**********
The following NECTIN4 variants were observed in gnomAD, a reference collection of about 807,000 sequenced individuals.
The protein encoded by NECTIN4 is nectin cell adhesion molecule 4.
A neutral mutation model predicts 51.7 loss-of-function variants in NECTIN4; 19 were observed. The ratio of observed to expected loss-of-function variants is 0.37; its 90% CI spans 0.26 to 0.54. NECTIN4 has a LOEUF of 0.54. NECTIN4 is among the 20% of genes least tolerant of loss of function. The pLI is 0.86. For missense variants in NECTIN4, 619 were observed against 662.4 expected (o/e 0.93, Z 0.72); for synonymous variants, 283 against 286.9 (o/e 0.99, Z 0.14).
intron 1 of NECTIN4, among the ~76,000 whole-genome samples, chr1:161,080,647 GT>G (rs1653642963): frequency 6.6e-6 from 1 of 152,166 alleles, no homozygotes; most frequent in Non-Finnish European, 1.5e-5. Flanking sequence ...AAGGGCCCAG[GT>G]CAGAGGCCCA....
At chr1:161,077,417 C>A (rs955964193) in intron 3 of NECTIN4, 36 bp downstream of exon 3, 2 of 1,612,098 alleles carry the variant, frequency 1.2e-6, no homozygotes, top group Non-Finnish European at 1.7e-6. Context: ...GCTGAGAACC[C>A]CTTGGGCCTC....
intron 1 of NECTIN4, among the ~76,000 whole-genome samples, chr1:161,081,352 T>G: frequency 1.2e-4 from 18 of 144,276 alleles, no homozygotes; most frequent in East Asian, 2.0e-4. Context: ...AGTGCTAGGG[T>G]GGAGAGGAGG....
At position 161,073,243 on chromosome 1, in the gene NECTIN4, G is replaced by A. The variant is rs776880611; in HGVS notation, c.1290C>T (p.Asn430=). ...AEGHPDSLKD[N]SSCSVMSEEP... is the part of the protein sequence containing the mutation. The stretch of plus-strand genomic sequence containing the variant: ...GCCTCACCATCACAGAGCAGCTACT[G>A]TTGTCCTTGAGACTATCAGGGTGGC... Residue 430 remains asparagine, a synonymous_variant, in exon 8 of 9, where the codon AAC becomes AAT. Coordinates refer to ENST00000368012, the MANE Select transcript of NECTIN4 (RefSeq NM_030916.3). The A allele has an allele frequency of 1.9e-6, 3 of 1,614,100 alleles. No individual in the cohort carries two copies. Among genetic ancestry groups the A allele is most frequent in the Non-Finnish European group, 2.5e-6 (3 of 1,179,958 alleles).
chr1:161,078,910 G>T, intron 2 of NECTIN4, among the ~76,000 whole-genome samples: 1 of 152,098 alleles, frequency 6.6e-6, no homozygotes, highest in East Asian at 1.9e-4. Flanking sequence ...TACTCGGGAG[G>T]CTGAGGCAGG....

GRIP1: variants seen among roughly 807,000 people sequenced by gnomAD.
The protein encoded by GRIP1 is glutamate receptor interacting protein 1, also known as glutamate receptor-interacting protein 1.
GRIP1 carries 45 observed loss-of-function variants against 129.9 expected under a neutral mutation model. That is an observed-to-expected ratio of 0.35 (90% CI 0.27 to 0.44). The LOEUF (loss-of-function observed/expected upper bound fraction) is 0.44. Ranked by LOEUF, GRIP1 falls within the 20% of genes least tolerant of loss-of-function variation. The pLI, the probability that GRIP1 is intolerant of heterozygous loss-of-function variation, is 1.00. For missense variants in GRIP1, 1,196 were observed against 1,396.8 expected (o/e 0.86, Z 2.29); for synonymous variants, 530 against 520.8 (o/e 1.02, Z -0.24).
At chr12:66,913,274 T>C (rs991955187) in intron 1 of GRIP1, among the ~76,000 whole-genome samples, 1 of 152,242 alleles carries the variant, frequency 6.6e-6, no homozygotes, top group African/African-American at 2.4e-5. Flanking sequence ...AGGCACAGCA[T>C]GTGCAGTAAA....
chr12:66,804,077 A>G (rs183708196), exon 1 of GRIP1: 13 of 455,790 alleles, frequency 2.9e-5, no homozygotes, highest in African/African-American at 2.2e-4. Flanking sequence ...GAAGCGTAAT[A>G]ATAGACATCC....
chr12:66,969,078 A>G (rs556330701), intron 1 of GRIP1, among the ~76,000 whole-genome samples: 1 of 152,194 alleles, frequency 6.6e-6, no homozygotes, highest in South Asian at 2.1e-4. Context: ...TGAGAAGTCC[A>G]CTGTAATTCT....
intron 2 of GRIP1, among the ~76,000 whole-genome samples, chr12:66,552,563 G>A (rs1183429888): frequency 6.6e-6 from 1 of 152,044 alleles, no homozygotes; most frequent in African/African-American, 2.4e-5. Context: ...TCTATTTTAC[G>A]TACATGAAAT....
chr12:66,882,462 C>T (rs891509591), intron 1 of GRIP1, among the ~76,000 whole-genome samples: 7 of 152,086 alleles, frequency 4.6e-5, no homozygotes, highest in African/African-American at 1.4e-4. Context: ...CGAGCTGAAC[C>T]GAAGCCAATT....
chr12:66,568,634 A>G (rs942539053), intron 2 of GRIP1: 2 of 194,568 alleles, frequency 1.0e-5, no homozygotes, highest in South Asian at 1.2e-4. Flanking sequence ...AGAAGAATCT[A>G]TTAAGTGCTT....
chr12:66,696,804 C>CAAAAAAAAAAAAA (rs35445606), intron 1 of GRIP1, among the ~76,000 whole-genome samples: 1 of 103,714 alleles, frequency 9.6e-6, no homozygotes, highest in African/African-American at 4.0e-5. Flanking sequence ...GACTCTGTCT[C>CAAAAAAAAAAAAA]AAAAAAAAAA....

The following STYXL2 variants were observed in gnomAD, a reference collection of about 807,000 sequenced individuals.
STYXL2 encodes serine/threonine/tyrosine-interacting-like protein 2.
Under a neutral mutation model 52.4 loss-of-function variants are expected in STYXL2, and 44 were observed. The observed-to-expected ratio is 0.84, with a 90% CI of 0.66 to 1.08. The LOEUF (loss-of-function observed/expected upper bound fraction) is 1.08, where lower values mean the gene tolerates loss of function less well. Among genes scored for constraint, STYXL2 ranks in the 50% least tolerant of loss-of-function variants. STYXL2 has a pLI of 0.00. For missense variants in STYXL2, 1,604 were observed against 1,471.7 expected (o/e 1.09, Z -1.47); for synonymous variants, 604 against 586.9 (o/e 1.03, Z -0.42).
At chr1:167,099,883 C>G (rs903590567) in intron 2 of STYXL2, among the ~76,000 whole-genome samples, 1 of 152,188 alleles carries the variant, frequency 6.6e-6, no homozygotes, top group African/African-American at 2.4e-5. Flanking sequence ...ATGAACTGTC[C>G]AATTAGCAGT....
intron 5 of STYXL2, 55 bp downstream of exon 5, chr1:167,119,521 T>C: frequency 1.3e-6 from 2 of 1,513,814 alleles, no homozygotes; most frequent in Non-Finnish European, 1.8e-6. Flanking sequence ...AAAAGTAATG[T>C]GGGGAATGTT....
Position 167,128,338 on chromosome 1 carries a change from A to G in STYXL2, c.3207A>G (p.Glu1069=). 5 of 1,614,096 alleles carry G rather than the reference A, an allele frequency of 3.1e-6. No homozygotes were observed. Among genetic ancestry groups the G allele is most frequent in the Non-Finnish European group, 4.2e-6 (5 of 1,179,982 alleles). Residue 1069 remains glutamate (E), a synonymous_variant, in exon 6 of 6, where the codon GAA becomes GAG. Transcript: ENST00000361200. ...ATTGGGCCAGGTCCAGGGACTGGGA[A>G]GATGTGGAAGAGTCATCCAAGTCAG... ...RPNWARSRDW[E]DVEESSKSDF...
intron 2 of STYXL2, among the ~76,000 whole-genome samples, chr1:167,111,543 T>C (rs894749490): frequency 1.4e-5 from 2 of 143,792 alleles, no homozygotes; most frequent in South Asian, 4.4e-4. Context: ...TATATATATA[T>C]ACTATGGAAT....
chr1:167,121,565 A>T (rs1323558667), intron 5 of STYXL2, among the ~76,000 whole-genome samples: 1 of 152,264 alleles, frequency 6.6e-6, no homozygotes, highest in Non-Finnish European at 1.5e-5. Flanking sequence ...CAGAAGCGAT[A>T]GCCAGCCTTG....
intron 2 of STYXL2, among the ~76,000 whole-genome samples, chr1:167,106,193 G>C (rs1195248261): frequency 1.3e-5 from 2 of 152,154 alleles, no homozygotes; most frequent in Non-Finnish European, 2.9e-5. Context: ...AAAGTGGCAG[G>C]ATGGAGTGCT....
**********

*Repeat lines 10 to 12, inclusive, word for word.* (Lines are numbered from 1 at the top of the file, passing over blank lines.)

The protein encoded by GRIP1 is glutamate receptor interacting protein 1, also known as glutamate receptor-interacting protein 1.
GRIP1 carries 45 observed loss-of-function variants against 129.9 expected under a neutral mutation model. That is an observed-to-expected ratio of 0.35 (90% CI 0.27 to 0.44). The LOEUF (loss-of-function observed/expected upper bound fraction) is 0.44. Ranked by LOEUF, GRIP1 falls within the 20% of genes least tolerant of loss-of-function variation. The pLI, the probability that GRIP1 is intolerant of heterozygous loss-of-function variation, is 1.00. For missense variants in GRIP1, 1,196 were observed against 1,396.8 expected (o/e 0.86, Z 2.29); for synonymous variants, 530 against 520.8 (o/e 1.02, Z -0.24).
At chr12:66,913,274 T>C (rs991955187) in intron 1 of GRIP1, among the ~76,000 whole-genome samples, 1 of 152,242 alleles carries the variant, frequency 6.6e-6, no homozygotes, top group African/African-American at 2.4e-5. Flanking sequence ...AGGCACAGCA[T>C]GTGCAGTAAA....